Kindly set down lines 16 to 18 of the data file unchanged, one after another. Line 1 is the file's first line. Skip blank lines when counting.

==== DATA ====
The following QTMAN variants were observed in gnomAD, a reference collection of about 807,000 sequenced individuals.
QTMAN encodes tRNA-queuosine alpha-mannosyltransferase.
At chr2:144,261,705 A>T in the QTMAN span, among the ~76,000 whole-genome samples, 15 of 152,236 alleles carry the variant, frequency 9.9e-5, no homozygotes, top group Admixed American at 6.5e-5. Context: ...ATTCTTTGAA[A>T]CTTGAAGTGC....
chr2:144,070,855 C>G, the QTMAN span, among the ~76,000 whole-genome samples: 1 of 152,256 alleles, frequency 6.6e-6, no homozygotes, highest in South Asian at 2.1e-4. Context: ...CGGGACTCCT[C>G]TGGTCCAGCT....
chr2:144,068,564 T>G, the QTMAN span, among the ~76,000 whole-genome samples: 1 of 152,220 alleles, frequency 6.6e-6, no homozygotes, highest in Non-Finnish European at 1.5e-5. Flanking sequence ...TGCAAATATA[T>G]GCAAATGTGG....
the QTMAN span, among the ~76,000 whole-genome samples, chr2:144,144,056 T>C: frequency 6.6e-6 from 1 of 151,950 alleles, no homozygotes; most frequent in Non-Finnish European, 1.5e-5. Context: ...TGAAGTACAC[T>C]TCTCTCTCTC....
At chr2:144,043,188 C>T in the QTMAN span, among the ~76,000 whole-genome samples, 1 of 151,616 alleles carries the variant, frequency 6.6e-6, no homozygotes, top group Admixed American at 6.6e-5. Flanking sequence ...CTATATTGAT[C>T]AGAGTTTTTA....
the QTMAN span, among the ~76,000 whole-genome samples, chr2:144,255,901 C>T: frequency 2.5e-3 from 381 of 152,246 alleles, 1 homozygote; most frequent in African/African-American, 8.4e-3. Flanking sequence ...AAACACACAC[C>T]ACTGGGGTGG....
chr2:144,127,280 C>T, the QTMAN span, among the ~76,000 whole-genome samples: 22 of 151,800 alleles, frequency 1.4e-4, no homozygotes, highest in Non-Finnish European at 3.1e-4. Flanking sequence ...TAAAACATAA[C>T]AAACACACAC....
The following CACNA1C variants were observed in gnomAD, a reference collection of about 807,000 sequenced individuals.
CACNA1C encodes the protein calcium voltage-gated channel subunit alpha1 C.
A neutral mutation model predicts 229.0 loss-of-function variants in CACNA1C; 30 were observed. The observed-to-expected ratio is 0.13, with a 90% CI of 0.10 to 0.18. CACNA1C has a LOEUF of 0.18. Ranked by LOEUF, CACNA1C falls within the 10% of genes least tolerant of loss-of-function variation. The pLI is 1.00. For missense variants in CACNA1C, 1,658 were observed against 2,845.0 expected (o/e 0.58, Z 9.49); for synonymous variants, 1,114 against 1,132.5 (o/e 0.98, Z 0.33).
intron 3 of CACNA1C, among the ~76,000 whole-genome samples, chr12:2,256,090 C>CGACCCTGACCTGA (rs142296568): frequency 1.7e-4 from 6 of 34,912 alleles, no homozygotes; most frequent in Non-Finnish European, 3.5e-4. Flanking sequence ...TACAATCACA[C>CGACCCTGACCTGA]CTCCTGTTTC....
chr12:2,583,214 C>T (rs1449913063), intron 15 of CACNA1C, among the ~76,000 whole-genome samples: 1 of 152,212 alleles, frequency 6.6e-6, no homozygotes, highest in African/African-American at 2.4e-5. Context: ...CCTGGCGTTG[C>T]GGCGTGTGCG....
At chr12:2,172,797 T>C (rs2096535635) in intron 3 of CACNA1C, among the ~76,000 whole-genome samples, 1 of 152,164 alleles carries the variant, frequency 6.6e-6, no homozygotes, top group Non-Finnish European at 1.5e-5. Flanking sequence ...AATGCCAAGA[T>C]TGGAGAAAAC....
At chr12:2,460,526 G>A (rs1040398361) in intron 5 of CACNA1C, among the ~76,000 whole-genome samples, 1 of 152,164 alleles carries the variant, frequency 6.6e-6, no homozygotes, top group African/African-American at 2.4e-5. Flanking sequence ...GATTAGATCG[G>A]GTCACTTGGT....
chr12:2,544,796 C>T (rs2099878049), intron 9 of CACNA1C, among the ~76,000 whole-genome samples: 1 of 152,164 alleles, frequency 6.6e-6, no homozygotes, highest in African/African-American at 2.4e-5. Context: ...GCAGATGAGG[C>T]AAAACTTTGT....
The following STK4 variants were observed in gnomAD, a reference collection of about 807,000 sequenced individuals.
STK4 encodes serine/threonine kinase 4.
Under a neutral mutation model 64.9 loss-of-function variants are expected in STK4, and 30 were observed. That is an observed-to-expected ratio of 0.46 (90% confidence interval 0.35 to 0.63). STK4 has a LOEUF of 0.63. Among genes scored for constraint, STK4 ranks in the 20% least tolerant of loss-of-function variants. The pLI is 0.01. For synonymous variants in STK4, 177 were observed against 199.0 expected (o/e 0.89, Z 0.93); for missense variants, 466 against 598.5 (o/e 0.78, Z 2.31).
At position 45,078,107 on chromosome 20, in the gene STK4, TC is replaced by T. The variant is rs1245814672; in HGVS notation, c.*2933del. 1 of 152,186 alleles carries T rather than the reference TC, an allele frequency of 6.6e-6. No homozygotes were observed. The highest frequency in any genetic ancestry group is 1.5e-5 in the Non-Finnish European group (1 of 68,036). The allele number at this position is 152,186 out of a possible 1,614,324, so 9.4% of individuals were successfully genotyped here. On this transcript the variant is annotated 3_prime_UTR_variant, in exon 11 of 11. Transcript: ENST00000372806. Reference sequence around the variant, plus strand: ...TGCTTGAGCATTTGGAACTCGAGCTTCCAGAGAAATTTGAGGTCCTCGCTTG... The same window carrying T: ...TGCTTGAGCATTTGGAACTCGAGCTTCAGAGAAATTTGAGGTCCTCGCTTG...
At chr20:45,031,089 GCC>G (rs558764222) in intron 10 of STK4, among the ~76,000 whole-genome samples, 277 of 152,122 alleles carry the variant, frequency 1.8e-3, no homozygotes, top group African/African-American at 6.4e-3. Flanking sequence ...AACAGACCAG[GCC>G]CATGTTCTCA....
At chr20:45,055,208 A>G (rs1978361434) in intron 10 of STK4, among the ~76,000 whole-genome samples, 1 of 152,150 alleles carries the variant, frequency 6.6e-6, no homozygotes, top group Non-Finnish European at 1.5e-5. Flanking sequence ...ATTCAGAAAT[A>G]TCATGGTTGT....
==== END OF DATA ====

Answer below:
At chr12:2,460,526 G>A (rs1040398361) in intron 5 of CACNA1C, among the ~76,000 whole-genome samples, 1 of 152,164 alleles carries the variant, frequency 6.6e-6, no homozygotes, top group African/African-American at 2.4e-5. Flanking sequence ...GATTAGATCG[G>A]GTCACTTGGT....
chr12:2,544,796 C>T (rs2099878049), intron 9 of CACNA1C, among the ~76,000 whole-genome samples: 1 of 152,164 alleles, frequency 6.6e-6, no homozygotes, highest in African/African-American at 2.4e-5. Context: ...GCAGATGAGG[C>T]AAAACTTTGT....
The following STK4 variants were observed in gnomAD, a reference collection of about 807,000 sequenced individuals.